• A federal appeals court ruled that a religious chorus did not infringe upon the copyright of an allegedly similar song composed by another songwriter a few years earlier. The court noted: “Even a casual comparison of the two compositions compels the conclusion that the two compositions are practically identical. Given the limited number of musical notes (as opposed to words in a language), the combination of those notes and their phrasing, it is not surprising that a simple composition of a short length might well be susceptible to original creation by more than one composer. This is particularly true in certain genres of music where familiar phrasing is present. Here the genre is church music. We are only dealing with a basic melody—not lyrics or harmonic background or accompaniment—here, only a short melody is at issue. However, in the realm of copyright, identical expression does not necessarily constitute infringement. Just as two paintings of the same subject in nature may appear identical, the two paintings’ origins may be of independent creation. We have cautioned trial courts “not to be swayed by the fact that two works embody similar or even identical ideas.” The court noted that composer of the allegedly infringing music could “fully negate any claim of infringement if he can prove that he independently created [his work].” It concluded that there was substantial evidence that the allegedly infringing work was independently created, including affidavits of several witnesses who corroborated the independent creation of the allegedly infringing work.119 Calhoun v. Lillenas Publishing, 298 F.3d 1228 (11th Cir. 2002).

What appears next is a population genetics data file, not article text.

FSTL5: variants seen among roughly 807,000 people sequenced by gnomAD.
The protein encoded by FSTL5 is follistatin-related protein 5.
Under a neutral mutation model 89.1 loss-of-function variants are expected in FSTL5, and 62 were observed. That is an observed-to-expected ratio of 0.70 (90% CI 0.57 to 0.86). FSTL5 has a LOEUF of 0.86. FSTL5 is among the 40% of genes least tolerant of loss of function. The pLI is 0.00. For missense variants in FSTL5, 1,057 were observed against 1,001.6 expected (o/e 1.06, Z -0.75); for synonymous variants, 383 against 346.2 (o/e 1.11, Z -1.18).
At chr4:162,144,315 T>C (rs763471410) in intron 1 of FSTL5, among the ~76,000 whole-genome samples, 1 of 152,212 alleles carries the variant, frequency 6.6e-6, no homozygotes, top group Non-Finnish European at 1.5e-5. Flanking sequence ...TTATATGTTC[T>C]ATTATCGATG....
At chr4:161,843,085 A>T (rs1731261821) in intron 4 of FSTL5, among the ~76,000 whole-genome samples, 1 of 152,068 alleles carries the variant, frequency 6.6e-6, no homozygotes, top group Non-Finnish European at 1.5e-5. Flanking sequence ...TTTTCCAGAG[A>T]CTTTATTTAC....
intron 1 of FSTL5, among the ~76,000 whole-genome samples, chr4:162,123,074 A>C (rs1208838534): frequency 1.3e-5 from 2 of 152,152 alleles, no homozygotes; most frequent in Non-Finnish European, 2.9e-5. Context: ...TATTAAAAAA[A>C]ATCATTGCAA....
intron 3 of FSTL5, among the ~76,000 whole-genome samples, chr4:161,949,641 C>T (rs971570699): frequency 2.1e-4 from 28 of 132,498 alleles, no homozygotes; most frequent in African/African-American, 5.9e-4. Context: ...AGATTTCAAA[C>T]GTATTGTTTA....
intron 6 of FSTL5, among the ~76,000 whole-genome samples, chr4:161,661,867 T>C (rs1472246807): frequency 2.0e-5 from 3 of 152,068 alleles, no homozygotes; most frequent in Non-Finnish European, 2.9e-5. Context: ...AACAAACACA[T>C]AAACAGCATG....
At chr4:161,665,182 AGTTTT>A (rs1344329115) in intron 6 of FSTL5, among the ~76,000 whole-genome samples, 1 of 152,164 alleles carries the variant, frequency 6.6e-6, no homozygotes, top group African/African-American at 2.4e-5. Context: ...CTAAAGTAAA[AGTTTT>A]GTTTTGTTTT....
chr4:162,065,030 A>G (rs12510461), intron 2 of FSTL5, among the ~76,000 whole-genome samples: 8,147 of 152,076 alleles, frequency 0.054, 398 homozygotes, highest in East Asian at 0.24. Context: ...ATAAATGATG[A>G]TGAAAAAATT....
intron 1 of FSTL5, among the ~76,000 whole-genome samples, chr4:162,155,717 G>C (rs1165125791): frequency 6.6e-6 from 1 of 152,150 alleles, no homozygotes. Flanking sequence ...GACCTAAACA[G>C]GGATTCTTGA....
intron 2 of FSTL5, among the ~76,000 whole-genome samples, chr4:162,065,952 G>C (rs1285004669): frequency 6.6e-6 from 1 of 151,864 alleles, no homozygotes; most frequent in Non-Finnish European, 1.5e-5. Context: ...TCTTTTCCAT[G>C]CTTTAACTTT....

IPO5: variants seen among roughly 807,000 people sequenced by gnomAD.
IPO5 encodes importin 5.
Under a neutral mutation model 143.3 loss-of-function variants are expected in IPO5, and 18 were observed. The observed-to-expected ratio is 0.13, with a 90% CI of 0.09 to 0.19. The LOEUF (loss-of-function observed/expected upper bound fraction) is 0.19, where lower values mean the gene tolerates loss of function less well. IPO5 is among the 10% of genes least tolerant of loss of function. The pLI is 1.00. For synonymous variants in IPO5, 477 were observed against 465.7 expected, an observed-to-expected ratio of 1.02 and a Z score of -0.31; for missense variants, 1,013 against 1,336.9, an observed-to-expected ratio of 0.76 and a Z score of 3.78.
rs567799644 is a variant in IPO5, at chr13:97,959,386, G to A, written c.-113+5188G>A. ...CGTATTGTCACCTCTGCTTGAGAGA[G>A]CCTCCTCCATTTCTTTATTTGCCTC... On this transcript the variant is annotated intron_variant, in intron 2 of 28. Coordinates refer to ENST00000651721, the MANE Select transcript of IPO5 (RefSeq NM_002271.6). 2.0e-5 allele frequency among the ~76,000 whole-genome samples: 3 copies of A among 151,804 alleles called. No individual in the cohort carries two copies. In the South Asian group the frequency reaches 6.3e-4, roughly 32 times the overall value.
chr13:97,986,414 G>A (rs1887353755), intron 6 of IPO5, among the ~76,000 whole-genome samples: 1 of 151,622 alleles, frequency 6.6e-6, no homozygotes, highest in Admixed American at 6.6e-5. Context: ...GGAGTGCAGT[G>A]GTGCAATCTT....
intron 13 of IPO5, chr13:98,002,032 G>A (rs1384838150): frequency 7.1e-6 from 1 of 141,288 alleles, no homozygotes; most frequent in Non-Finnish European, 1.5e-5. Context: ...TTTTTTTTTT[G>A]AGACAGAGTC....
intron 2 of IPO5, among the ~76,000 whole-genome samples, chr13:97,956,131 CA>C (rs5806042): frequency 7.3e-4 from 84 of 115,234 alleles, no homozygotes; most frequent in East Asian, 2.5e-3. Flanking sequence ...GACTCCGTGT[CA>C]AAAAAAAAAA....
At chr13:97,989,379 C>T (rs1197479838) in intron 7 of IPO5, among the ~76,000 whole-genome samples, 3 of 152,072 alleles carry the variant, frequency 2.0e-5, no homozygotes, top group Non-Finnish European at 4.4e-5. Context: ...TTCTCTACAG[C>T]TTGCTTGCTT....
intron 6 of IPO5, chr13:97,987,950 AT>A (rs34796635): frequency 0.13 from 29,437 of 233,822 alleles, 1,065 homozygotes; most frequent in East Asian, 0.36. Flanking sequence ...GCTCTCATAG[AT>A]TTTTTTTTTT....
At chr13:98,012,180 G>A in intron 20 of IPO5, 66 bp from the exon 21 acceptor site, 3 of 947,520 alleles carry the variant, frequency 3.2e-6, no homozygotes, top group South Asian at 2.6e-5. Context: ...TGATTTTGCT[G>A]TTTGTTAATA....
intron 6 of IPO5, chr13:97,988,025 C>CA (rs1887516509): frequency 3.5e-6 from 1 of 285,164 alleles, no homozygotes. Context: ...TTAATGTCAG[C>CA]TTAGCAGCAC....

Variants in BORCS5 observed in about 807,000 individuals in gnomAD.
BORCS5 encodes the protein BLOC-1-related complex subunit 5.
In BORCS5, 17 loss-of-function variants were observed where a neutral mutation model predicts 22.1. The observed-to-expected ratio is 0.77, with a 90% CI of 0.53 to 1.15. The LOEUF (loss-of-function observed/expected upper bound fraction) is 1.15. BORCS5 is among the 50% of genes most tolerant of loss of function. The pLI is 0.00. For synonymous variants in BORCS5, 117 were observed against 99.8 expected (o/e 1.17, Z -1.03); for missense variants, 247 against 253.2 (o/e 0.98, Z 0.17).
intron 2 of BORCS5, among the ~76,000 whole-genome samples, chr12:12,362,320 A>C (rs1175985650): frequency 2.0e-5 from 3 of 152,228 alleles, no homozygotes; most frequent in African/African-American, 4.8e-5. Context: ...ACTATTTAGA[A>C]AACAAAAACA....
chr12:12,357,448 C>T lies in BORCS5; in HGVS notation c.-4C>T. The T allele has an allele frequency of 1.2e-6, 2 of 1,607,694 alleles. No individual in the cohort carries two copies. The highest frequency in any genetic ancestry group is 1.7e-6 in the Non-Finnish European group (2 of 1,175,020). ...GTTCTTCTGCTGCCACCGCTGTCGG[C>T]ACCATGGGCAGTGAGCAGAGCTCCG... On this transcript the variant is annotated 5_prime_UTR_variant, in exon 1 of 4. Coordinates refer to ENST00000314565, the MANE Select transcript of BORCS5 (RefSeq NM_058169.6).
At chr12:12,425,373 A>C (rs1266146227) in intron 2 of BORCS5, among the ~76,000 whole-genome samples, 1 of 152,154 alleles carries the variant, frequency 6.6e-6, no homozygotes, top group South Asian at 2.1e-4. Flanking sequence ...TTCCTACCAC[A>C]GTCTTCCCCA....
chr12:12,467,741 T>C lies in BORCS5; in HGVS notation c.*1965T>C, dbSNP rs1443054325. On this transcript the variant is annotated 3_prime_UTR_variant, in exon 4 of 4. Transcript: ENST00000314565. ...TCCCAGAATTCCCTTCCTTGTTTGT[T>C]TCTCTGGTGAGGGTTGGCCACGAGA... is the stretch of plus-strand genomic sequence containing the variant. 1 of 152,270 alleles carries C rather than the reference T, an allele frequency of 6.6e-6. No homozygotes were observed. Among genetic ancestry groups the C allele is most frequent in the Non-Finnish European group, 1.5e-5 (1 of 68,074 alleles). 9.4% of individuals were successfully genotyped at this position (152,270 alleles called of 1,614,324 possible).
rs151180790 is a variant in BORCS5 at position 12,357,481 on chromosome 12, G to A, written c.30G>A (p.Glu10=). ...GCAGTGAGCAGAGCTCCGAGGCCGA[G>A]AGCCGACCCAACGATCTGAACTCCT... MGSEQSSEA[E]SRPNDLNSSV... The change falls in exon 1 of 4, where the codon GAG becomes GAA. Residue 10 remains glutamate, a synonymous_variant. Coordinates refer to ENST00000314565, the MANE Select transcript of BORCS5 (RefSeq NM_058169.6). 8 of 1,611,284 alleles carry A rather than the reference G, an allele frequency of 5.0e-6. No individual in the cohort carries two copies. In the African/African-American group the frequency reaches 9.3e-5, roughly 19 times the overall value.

• A federal court in California ruled that an instructor who made copies of copyrighted religious books and tapes for instructional purposes was guilty of copyright infringement. The court rejected the instructor’s defense of “fair use.” It concluded that she failed all four fair use factors. The purpose of the copying was commercial (the copied materials were sold to students); the nature of the copyrighted works were creative and thus entitled to a higher degree of protection; the amount copied (the entire copyrighted works) was substantial; and, the impact of the copying on the copyright owner’s rights was significant since the instructor’s act of unauthorized copying “fulfilled the demand for the original works and [will] diminish or prejudice their potential sale.” Finally, the court rejected the instructor’s claim that her copying met the standards for “fair use” as set forth in the so-called “fair use guidelines” for classroom copying of educational materials. In 1975, groups of authors and publishers adopted guidelines for classroom copying in nonprofit educational institutions. The House Report on the Copyright Act of 1976 reprinted these guidelines in full, and further noted that they “are a reasonable interpretation of the minimum standards of fair use.” The guidelines apply only to educational copying of literary works (books, articles, poetry, charts, etc.). Among other things, the guidelines specify that a teacher may make a single copy of a chapter from a book or an article from a periodical for use in teaching or in preparing to teach. The court observed that the instructor’s copying in this case “was not restricted to one copy for her own use in teaching” and therefore was not eligible for a fair use exemption. The guidelines also permit teachers to make multiple copies of a copyrighted work for classroom use, but several restrictions apply. For example, a teacher may make multiple copies of an entire article of less than 2,500 words or an excerpt from a longer work so long as the excerpt is not more than the lesser of 1,000 words or 10 percent of the entire work. Further, the decision to use the work must be “spontaneous” in the sense that it is so close in time to the date the work is to be used that it would be unreasonable to expect a timely reply to a request for permission to reproduce it. There also are strict limitations on the number of times this exception can be used. The court concluded that this exemption did not apply: “[T]he undisputed evidence shows [that the instructor’s] copying was not limited and spontaneous, but was extensive and methodical, and consisted of copying from the same author, time after time. This is clearly not within the letter or spirit of the congressional guidelines.”120 Bridge Publications, Inc. v. Vien, 827 F. Supp. 629 (S.D. Cal. 1993).